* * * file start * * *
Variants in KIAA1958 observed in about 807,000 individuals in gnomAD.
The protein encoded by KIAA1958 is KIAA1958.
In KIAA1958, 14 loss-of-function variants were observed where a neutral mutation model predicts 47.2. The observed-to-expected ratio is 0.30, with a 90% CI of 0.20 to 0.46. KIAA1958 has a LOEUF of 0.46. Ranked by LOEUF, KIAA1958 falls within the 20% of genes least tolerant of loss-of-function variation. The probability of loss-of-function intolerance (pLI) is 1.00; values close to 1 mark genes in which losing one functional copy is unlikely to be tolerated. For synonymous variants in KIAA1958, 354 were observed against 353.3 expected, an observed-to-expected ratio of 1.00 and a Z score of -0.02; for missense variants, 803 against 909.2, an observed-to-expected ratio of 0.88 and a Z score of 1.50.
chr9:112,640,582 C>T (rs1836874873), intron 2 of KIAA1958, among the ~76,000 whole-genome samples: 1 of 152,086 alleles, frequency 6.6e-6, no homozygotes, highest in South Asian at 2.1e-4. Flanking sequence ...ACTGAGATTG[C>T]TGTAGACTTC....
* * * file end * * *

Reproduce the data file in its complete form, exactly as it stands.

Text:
Variants in KIAA1958 observed in about 807,000 individuals in gnomAD.
The protein encoded by KIAA1958 is KIAA1958.
In KIAA1958, 14 loss-of-function variants were observed where a neutral mutation model predicts 47.2. The observed-to-expected ratio is 0.30, with a 90% CI of 0.20 to 0.46. KIAA1958 has a LOEUF of 0.46. Ranked by LOEUF, KIAA1958 falls within the 20% of genes least tolerant of loss-of-function variation. The probability of loss-of-function intolerance (pLI) is 1.00; values close to 1 mark genes in which losing one functional copy is unlikely to be tolerated. For synonymous variants in KIAA1958, 354 were observed against 353.3 expected, an observed-to-expected ratio of 1.00 and a Z score of -0.02; for missense variants, 803 against 909.2, an observed-to-expected ratio of 0.88 and a Z score of 1.50.
chr9:112,640,582 C>T (rs1836874873), intron 2 of KIAA1958, among the ~76,000 whole-genome samples: 1 of 152,086 alleles, frequency 6.6e-6, no homozygotes, highest in South Asian at 2.1e-4. Flanking sequence ...ACTGAGATTG[C>T]TGTAGACTTC....